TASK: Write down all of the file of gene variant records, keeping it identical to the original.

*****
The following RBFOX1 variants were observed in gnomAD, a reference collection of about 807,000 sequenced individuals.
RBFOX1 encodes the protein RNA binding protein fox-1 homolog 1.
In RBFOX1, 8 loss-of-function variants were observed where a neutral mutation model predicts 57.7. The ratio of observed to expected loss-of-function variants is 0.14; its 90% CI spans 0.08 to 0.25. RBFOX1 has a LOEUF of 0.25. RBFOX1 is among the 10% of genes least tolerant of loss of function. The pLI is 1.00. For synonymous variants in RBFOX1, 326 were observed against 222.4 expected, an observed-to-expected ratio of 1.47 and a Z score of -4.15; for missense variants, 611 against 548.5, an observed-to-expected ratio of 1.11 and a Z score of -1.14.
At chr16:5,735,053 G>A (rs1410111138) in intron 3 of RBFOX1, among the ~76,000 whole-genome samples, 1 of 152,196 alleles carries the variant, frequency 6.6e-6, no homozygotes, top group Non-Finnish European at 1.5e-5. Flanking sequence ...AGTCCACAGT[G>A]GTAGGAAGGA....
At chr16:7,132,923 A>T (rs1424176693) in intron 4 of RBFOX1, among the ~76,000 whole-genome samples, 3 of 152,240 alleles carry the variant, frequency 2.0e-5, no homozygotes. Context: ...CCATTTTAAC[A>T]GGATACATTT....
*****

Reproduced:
The following RBFOX1 variants were observed in gnomAD, a reference collection of about 807,000 sequenced individuals.
RBFOX1 encodes the protein RNA binding protein fox-1 homolog 1.
In RBFOX1, 8 loss-of-function variants were observed where a neutral mutation model predicts 57.7. The ratio of observed to expected loss-of-function variants is 0.14; its 90% CI spans 0.08 to 0.25. RBFOX1 has a LOEUF of 0.25. RBFOX1 is among the 10% of genes least tolerant of loss of function. The pLI is 1.00. For synonymous variants in RBFOX1, 326 were observed against 222.4 expected, an observed-to-expected ratio of 1.47 and a Z score of -4.15; for missense variants, 611 against 548.5, an observed-to-expected ratio of 1.11 and a Z score of -1.14.
At chr16:5,735,053 G>A (rs1410111138) in intron 3 of RBFOX1, among the ~76,000 whole-genome samples, 1 of 152,196 alleles carries the variant, frequency 6.6e-6, no homozygotes, top group Non-Finnish European at 1.5e-5. Flanking sequence ...AGTCCACAGT[G>A]GTAGGAAGGA....
At chr16:7,132,923 A>T (rs1424176693) in intron 4 of RBFOX1, among the ~76,000 whole-genome samples, 3 of 152,240 alleles carry the variant, frequency 2.0e-5, no homozygotes. Context: ...CCATTTTAAC[A>T]GGATACATTT....